Last Friday's terrorist attacks in Paris have dramatically increased the pressure on President Barack Obama's administration to intensify the ongoing military campaign against ISIS. Somewhat predictably, Republican candidates have launched a barrage of vague calls for the United States to do more in Syria. Within the Democratic Party, too, support for more forceful action is growing. On Saturday, Sen. Dianne Feinstein (D-Calif.) argued that "limited air strikes and support for Iraqi forces and the Syrian opposition are not sufficient to protect our country and our allies."
Unfortunately, just how military escalation will render western nations significantly more secure is largely omitted from the calls for more action.
The notion that the United States can protect itself by defeating ISIS is illusory. To be sure, any substantial contingent of U.S. ground troops could probably recapture territory under their control without much difficulty. It would be virtually impossible, however, to kill or capture every Islamic State fighter in Iraq and Syria. And the sad reality is that even with U.S. assistance, central governments in Baghdad and Damascus are unlikely to be able to establish firm, prolonged control over all their nominal territory. For that reason, any military victory over ISIS would be temporary at best.
That is a lesson that we should have extrapolated from the recent wars in Iraq and Afghanistan. The U.S. military was able to overthrow the Taliban in Afghanistan and Saddam Hussein's regime in Iraq fairly easily. Yet the U.S.-sponsored successors to those odious regimes have been incapable of establishing enduring stability and security in either country—despite the fact that the United States has spent over $85 billion since 2004 training and equipping their security forces.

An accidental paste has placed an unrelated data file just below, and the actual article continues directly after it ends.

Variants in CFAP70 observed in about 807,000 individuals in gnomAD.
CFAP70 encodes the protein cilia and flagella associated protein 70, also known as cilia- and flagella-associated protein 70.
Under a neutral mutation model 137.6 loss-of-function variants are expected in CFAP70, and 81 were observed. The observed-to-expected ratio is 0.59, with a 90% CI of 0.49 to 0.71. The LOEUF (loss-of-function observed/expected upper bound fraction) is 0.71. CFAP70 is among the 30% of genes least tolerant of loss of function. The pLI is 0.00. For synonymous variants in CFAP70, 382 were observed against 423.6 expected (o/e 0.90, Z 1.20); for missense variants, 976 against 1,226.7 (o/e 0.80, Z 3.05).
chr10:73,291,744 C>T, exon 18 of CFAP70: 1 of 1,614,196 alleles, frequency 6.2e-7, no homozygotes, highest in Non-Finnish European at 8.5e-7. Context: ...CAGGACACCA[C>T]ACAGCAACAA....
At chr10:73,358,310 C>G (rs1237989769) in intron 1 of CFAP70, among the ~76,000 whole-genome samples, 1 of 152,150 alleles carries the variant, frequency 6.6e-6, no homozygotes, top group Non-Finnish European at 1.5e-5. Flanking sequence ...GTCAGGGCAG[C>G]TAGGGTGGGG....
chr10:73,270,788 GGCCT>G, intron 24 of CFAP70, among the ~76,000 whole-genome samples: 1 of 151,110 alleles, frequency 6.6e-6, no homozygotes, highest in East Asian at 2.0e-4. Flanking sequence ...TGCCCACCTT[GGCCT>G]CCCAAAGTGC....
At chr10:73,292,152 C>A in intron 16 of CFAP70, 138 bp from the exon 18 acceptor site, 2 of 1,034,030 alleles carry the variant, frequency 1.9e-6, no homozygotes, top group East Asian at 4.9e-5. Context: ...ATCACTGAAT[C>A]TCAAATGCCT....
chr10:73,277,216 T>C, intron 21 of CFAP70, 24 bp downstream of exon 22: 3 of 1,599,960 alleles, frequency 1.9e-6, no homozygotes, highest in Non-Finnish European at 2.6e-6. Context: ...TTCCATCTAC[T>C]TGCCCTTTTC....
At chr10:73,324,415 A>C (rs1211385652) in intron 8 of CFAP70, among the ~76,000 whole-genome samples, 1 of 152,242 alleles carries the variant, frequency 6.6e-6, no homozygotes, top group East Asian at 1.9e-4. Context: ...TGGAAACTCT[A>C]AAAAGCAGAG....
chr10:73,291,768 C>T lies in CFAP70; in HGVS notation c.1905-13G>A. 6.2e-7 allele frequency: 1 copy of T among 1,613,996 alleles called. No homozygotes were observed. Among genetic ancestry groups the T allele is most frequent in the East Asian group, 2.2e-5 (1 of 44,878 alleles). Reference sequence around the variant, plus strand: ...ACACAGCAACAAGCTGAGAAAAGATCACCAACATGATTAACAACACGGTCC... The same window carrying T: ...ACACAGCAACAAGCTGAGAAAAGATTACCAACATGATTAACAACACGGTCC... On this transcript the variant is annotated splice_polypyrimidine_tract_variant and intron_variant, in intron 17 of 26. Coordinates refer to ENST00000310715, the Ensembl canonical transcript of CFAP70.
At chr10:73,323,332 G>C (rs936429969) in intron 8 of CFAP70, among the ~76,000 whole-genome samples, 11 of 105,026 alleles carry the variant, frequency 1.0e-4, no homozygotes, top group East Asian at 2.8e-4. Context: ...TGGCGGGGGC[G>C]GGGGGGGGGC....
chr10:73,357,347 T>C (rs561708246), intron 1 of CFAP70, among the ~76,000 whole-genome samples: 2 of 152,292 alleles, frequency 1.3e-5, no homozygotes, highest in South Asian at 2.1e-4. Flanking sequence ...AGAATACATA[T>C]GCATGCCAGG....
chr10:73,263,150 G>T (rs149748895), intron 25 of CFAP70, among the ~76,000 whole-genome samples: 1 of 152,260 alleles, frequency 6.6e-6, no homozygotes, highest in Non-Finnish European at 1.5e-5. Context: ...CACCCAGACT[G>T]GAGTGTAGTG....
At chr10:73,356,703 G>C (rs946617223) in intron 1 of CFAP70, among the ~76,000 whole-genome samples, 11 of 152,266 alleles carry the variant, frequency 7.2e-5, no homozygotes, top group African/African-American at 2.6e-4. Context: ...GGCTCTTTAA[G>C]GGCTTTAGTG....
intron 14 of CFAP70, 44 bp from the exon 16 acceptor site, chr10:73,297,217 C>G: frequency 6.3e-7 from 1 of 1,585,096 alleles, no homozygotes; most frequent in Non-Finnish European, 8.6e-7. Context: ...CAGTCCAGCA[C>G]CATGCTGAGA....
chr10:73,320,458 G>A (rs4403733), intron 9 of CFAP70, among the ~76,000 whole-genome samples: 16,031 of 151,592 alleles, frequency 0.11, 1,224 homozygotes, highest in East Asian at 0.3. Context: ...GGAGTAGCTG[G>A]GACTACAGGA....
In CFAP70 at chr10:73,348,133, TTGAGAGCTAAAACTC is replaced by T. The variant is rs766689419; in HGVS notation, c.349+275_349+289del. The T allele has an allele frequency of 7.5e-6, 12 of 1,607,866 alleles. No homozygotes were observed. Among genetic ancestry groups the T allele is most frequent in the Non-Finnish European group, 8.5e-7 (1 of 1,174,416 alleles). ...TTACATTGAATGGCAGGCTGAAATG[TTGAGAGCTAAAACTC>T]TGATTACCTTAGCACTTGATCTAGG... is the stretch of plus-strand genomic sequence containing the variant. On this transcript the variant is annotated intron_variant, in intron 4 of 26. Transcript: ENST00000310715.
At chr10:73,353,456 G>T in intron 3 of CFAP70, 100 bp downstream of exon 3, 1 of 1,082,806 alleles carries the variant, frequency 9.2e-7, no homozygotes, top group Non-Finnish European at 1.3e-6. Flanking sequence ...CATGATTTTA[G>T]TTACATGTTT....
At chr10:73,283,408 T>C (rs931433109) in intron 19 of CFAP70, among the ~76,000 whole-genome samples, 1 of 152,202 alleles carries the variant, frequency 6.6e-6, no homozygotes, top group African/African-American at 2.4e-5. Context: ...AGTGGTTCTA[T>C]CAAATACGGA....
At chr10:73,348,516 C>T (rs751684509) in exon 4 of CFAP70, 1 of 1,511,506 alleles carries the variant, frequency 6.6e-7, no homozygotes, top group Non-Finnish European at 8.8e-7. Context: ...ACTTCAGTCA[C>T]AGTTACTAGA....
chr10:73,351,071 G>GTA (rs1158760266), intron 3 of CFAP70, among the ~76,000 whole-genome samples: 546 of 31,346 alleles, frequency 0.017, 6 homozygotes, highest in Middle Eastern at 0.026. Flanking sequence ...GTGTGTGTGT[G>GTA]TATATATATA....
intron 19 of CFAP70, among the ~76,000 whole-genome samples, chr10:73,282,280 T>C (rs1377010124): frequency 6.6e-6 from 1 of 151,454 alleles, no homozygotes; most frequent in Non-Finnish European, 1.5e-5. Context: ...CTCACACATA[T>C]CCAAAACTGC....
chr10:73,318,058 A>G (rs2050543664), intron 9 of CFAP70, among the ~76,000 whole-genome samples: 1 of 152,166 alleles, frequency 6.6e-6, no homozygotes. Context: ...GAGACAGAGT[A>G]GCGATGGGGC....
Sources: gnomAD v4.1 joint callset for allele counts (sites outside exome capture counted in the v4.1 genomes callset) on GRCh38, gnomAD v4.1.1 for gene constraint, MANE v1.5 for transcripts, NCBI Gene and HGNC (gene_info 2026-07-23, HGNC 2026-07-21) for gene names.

Moreover, although the United States has succeeded in decimating al Qaeda's leadership and destroying terrorist training camps, the U.S. invasions perversely helped to spawn new terrorist organizations such as al Qaeda in the Arabian Peninsula (AQAP) and ISIS. Another major U.S. military intervention in the Middle East would fuel terrorism by bolstering the narrative that the United States is at war with Islam.
After all, the Islamic State's initial focus was on establishing a caliphate in the Middle East. Following the commencement of U.S. air strikes, however, the group has gradually focused more on attacking targets in the West. To some extent then, the U.S.-led air campaign against the Islamic State probably instigated the Paris attacks.
Even if a U.S.-led coalition were able to defeat ISIS in Iraq and Syria, this would not eliminate the threat of terrorism within the West. Although the media has highlighted the Paris attackers' links to ISIS in Syria, they were essentially "home-grown" terrorists. As Francois Hollande acknowledged in a major speech to a joint session of parliament at Versailles on Monday, "We know, and it's cruel to say that these are French who killed, on Friday, more French."
Although the military defeat of ISIS might quash a major source of inspiration and support for would-be terrorists within Western countries, it would not eliminate the threat. As long as the socio-economic marginalization of Muslims continues throughout the West (particularly in Europe), and radical Islam presents an apparent means of empowerment, terrorism will persist. Rather than attempting to defeat the Islamic State militarily, Western countries should therefore focus on mitigating the threat of terrorism through improved intelligence and law enforcement.
Already, it is becoming clear that the Paris attackers had been on security services' radar. That fact suggests that further improving domestic surveillance and multi-national intelligence sharing could help forestall such attacks. Of course, those efforts will inevitably impinge, to some extent, on civil liberties, which are fundamental to Western civilization. For that reason, Western citizens will have to accept some risk of additional terrorist attacks as a price of their freedoms. Fortunately, that risk remains, even after the Paris attacks, incredibly small and thus manageable.